- The Washington Times - Thursday, January 7, 2016


There was a time when John Riggins wasn’t the revered “Diesel” Washington Redskins icon, the great and powerful running back who became a symbol of the Joe Gibbs era of success.

He was once the talented but flaky running back with the Mohawk haircut who played his way out of New York, arrived in Washington and then sat out a full year because he felt he wasn’t getting paid enough.

There was a time when “I’m bored, I’m broke and I’m back,” wasn’t so funny.

Then came the 1982 postseason — three weeks in January 1983 — when the narrative changed for Riggins. He took the opportunity in three consecutive postseason games — all at home at RFK Stadium, the greatest three weeks in Washington sports history — to get people to pay attention to the football player, not the eccentric, colorful farm boy from Kansas who once painted his toenails before games.

That postseason changed forever the way football looked at Riggins.
DeSean Jackson may have that same opportunity.

The explosive wide receiver has always been known for his game-changing talent, but all of his baggage often gets in the way of marveling at Jackson as a football player. The on-field antics, the record label, the reality TV show, the mysterious home break-ins, the drama over his departure from the Philadelphia Eagles.

No one ever mentions Jackson among the greatest wide receivers in the game today. He is often referred to as a “unique” talent, like some sort of sideshow, a guy who can change a game with one play, but a great football player?

He had a career year in 2014, catching 82 passes for 1,332 yards and nine touchdowns, and was cut by the Eagles. He had an outstanding season during the regualr season — 56 catches for 1,169 yards, an average of 20.9 yards per catch — yet the Redskins seemed to have no interest in staying in business with Jackson beyond this year.

Now, of late, the narrative is changing, and it has happened over the last few weeks. Jackson has played well, catching 12 passes for 236 yards in three consecutive victories, but as Kirk Cousins has blossomed as a starting quarterback, so has his connection with a healthy Jackson. The wide receiver could be on the verge of making people notice his greatest as a football player who can be counted when his team needs him — and whose play could change his legacy moving forward.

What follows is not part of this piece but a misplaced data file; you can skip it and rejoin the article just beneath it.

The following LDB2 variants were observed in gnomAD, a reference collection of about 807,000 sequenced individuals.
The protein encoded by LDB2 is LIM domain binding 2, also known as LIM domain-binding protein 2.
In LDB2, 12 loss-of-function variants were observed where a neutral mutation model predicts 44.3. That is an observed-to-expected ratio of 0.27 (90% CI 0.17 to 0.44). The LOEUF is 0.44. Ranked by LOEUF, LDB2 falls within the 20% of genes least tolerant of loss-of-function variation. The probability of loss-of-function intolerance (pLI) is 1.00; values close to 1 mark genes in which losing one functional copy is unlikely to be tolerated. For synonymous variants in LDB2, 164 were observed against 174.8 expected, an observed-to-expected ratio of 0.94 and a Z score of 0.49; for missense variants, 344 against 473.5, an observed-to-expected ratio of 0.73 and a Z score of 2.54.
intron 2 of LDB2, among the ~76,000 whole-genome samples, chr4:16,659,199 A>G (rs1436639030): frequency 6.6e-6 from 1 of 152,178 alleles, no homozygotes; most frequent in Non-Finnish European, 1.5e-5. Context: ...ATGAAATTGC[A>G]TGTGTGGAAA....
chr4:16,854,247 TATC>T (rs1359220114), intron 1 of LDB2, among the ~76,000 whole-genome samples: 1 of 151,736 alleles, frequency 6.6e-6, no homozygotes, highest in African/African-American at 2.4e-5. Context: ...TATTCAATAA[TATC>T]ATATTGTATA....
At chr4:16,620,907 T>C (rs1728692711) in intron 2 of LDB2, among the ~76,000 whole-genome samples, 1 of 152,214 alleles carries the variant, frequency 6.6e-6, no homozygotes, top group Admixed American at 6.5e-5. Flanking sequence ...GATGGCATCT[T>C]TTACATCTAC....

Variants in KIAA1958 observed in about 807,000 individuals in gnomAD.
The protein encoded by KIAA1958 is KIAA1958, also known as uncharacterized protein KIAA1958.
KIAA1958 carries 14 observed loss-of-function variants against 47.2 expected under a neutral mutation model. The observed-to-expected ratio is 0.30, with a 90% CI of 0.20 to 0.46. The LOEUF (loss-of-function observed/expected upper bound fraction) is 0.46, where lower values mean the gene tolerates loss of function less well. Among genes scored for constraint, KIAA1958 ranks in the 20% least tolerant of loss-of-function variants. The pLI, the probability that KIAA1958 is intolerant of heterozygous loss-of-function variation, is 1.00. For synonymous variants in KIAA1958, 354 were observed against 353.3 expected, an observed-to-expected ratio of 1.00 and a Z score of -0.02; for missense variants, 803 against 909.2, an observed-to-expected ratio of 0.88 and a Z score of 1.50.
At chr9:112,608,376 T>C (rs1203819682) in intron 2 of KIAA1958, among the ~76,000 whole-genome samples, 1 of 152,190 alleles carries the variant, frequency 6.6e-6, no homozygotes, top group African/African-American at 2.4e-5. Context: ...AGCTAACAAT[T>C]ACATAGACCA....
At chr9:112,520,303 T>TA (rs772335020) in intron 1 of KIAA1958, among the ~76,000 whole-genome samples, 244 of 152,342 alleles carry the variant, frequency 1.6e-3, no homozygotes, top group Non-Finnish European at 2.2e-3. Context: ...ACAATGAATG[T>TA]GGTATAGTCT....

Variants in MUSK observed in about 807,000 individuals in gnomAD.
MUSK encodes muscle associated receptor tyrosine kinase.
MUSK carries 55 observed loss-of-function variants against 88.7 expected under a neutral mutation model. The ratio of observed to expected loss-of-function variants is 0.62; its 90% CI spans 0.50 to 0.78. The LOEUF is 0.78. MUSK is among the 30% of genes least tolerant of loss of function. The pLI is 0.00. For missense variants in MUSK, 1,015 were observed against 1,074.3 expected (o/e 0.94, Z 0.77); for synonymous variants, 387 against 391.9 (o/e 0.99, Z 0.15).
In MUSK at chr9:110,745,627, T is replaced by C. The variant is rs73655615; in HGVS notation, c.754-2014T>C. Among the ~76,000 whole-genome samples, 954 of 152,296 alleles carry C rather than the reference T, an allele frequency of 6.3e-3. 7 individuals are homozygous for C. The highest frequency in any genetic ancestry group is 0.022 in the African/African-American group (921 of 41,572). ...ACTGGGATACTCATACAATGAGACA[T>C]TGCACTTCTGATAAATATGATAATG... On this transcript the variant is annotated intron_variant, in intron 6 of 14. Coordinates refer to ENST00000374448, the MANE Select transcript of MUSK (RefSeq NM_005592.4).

We’re not that far removed from the Redskins‘ 19-16 loss to the Dallas Cowboys, when Jackson’s ill-fated punt return attempt deep in Redskins territory led to a fumble that cost Washington the game. After the game, Jackson stood up and took responsibility for his mistake.

“I’m very frustrated,” he told reporters then. “A lot rode on this game and we knew what was at stake. Personally, I’m frustrated. I take that one on my chin. As a veteran of this league, I know to protect the ball and it just got away from me.”

Three weeks later, when the door was opened for drama following another return to Philadelphia — where the newspapers called coach Chip Kelly’s release of Jackson his greatest mistake — Jackson backed off, keeping the attention on the game and his team.

“It’s just another game,” he said in the week leading up to the game. “I’m excited about it, highly anticipate it, but I’m not going to make it more than what it is. We’ve got a game to do, to go win. That’s really all that matters. Regardless of what team it is or the name on the jersey, we don’t really care about that. We’ve just got a game to go win, and it’s a must-win for us.”

Now, reports are the Redskins want to stay in business with Jackson beyond this year — and that Jackson, at the age of 29, who is signed for one more season at a hefty salary cap hit, may have found a home in Washington and a quarterback in Cousins. Those things can help him concentrate on seasons that could change his NFL story moving forward.

That could happen starting Sunday in the playoff game against the Green Bay Packers.

A wide receiver won’t have the same opportunities as a running back to take over a game, like Riggins did in January 1983, but if the Redskins have any realistic opportunity for a postseason run, it will have to include the Cousins to Jackson connection.

Sunday could be the beginning of Jackson’s second act — the great football player.

⦁ Thom Loverro is co-host of “The Sports Fix,” noon to 2 p.m. daily on ESPN 980 and espn980.com.

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